Bird DNA

Bird DNA

dna-163710_640For many years, ornithologists classified birds on the basis of their anatomy and behavior – feather color, plumage patterns, leg length, bill curvature, song, nest structure, and hundreds of other characteristics. In the last twenty or so years, however, DNA has been used to clarify relationships among birds, as we do now with humans.

Without getting too scientific, I’ll try to briefly explain the process without talking about the details of the chemistry involved. A blood sample is taken from the birds, usually by clipping a toenail and the DNA is extracted from the blood. The DNA, normally double stranded (like a ladder with rungs), is split in half (like a ladder vertically sawed in half ). These half strands are then mixed with half strands of another bird. The half DNA strands will combine with other half strands, some of which will be pure (one bird) and some will be mixed- a half strand from each bird. These hybrid DNA molecules are then heated. Since hybrid halves do not exactly match, they will eventually spit apart from the heating. The more the strands are alike, the more heat it takes to split them. So the higher the temperature before the strands breaks provides a relative measure of how closely the two birds are related. This is the process of DNA hybridization, very simplified.

Almost all the 10,000+ species of birds in the world have been examined in this way. For the most part, DNA studies have affirmed the classification determined by anatomy and behavior, and only minor changes were made. One big change, however, is the discovery that storks are more related to vultures than they are to herons and egrets. Looking at a stork’s bald head you can see the resemblance. We now know that falcons are more closely related to songbirds than they are to hawks or eagles. And hummingbirds are just a specialzed version of the nighthawk!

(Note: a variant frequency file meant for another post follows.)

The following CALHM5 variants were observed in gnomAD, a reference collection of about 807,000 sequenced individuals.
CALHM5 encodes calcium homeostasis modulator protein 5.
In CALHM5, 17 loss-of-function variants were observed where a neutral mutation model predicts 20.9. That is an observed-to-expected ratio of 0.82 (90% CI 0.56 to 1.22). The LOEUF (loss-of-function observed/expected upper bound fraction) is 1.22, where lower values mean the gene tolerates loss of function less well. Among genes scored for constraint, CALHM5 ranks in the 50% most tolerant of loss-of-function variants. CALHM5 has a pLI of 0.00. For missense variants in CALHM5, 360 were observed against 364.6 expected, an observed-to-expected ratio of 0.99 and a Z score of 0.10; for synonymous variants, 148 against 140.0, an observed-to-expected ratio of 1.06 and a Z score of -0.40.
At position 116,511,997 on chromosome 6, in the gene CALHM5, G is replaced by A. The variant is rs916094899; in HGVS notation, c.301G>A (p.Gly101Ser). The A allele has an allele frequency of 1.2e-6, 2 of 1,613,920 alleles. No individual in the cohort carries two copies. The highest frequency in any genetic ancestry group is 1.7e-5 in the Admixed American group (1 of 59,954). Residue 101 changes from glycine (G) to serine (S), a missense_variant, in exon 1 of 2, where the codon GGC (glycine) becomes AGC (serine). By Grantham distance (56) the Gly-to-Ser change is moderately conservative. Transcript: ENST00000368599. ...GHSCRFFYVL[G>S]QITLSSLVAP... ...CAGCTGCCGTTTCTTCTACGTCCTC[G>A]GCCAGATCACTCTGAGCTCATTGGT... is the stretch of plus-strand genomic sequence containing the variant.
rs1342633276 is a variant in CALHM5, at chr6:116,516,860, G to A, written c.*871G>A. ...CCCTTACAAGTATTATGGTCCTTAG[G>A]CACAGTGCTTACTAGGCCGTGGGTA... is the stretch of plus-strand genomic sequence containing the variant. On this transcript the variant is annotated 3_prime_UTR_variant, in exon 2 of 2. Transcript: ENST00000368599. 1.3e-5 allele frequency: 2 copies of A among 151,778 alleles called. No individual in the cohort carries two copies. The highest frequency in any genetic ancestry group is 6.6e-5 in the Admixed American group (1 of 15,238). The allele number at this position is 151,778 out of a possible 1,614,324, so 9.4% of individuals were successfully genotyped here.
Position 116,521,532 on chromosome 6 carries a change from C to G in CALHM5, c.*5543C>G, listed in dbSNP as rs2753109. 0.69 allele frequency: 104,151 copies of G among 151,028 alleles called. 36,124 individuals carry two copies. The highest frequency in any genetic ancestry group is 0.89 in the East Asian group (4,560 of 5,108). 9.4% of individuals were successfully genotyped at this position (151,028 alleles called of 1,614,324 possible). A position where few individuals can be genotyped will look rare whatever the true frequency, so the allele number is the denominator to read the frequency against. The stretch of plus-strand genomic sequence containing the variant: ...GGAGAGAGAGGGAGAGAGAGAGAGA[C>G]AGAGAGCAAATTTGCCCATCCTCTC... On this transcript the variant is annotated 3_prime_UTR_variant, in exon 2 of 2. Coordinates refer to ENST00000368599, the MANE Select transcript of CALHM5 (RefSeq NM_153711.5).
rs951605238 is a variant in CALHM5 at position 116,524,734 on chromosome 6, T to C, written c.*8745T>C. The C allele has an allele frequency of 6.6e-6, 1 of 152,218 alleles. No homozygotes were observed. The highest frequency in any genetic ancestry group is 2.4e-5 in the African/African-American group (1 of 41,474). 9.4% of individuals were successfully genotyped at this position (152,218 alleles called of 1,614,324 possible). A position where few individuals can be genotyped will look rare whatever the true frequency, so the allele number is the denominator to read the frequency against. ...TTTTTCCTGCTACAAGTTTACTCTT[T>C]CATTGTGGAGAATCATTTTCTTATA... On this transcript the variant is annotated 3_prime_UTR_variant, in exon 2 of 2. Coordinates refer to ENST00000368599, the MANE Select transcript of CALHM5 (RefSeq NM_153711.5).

Based on DNA, we have split species into two (the Plain Titmouse became the virtually identical Oak Titmouse and Juniper Titmouse) and have lumped two species into one: the Audubon’s Warbler and Myrtle Warbler became the Yellow-rumped Warbler) and the Yellow- and Red-shafted Flickers became the Northern Flicker.

DNA has also determined that several bird species such as Hooded Warblers and Eastern Bluebirds are rather promiscuous as one third of the eggs in a typical nest do not belong to the mate of the female tending the nest.

We can see evolutionary changes by studying bird populations over time – the reason museum collections exist. DNA studies give us much more detailed and accurate information over a shorter period of time.

One of the most active debates is the relationship of birds to dinosaurs, which ornithologists generally believe is close. Some say that birds are just modern dinosaurs. When we can reliably extract DNA from dinosaur fossils, we’ll have solved another great problem in the fascinating field of evolution.


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